High data availability is attained by heating of the outer dome using ventilation between the inner and outer dome. RVH™- Recirculating Ventilation and Heating – technology, developed by Hukseflux, suppresses dew and frost deposition and is as effective as traditional ventilation systems, without the maintenance hassle and large footprint.
The dome of SR30 pyranometer is heated by ventilating the area between the inner and outer dome. RVH™ is much more efficient than traditional ventilation, where most of the heat is carried away with the ventilation air. Recirculating ventilation is as effective in suppressing dew and frost deposition at less than 3 W as traditional ventilation is at 10 W. RVH™ technology also leads to a reduction of zero offsets
IEC 61724-1: Photovoltaic System Performance Monitoring – Guidelines for Measurement, Data Exchange and Analysis – requires ventilation and heating for Class A monitoring. Only SR30 offers both, without the need for additional accessories. Most competing pyranometers do not even comply with Class B, which requires heating.
In addition to solar irradiance, SR30 outputs sensor diagnostics such as:
- tilt angle
- Internal ventilator speed (RPM)
- Internal humidity
- Heater current
Remote diagnostics permits real-time status monitoring, reducing the need for (un)scheduled field inspections.
Tilt angle measurement included
SR30 includes a tilt sensor. This is very practical for remote checks of instrument condition or to monitor PV systems with solar trackers. The sensor measures with high accuracy, within 1 ˚, and is tested and temperature compensated between -30 and + 50 ˚C. SR30-M2-D1 offers improved electronics over its predecessor SR30-D1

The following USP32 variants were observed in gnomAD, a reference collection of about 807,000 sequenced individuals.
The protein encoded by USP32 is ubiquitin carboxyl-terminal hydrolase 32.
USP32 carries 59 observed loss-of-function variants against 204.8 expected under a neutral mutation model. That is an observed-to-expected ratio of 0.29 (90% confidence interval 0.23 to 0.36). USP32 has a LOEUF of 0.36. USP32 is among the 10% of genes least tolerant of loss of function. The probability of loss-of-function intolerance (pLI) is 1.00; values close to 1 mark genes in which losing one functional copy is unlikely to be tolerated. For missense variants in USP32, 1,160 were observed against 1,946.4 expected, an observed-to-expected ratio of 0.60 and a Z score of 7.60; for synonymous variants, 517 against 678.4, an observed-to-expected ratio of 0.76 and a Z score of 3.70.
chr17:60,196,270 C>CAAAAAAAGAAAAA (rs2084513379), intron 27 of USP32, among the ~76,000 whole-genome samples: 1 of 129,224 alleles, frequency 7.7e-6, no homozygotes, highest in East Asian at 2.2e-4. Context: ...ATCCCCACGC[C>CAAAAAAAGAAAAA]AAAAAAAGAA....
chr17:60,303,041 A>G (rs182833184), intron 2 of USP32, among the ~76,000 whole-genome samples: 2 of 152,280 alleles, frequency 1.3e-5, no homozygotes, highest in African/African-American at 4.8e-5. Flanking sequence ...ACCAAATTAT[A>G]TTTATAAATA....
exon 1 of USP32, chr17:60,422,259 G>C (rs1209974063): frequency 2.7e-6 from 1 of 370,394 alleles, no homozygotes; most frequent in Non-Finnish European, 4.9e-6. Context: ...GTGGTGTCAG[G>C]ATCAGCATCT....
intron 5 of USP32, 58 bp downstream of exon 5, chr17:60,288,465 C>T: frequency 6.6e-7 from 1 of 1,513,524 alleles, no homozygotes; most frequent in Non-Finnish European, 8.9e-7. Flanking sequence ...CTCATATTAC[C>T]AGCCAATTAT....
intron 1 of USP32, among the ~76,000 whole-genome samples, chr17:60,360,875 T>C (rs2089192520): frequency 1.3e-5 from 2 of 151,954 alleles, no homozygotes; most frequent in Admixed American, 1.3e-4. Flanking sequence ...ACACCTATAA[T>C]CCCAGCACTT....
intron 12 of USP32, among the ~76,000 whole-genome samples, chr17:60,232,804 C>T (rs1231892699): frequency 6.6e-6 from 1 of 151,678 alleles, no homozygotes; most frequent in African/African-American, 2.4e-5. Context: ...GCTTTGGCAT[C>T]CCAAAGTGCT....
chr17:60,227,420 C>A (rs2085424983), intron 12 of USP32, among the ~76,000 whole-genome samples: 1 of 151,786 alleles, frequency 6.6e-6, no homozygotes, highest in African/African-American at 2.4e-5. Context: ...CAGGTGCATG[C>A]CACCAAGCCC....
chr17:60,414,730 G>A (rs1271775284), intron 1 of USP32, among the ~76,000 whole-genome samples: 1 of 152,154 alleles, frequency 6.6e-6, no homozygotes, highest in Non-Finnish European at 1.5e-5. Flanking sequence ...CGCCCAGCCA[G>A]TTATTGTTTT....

Spectrally flat as required for meteorology and PV monitoring
The new ISO 9060:2018 version defines pyranometer classes A, B and C. The standard also adds a new subclass, called “spectrally flat”. The vast majority of users needs to use instruments of the spectrally flat subclass; only spectrally flat instruments measure with high accuracy, also when a cloud obscures the sun, or when the irradiance includes reflected radiation. These situations occur for example when you measure Global Horizontal irradiance (GHI) under partly or fully cloudy skies, when you measure Plane of Array (POA), albedo or net-radiation. Normal instruments, just of class A, B or C, and not spectrally flat, only measure accurately under clear sunny skies.
New Sensor Manager software
SR30-M2-D1 is delivered with new Hukseflux Sensor Manager software, version v2021. It provides a user interface for communication between a PC and digital Hukseflux pyranometers and pyrheliometers with a Modbus interface. The software allows the user to locate, configure and test one or more sensors and to perform simple measurements using a PC. The Sensor Manager software is supplied with the SR30-M2-D1 on a USB flash drive. It can also be downloaded: https://www.hukseflux.com/downloads. The new v2021 version of the Sensor Manager replaces previous versions such as v1817 and v1920 beta. Always use the latest version of the software. Need support in using the v2021 software? Please consult the separate Sensor Manager user manual.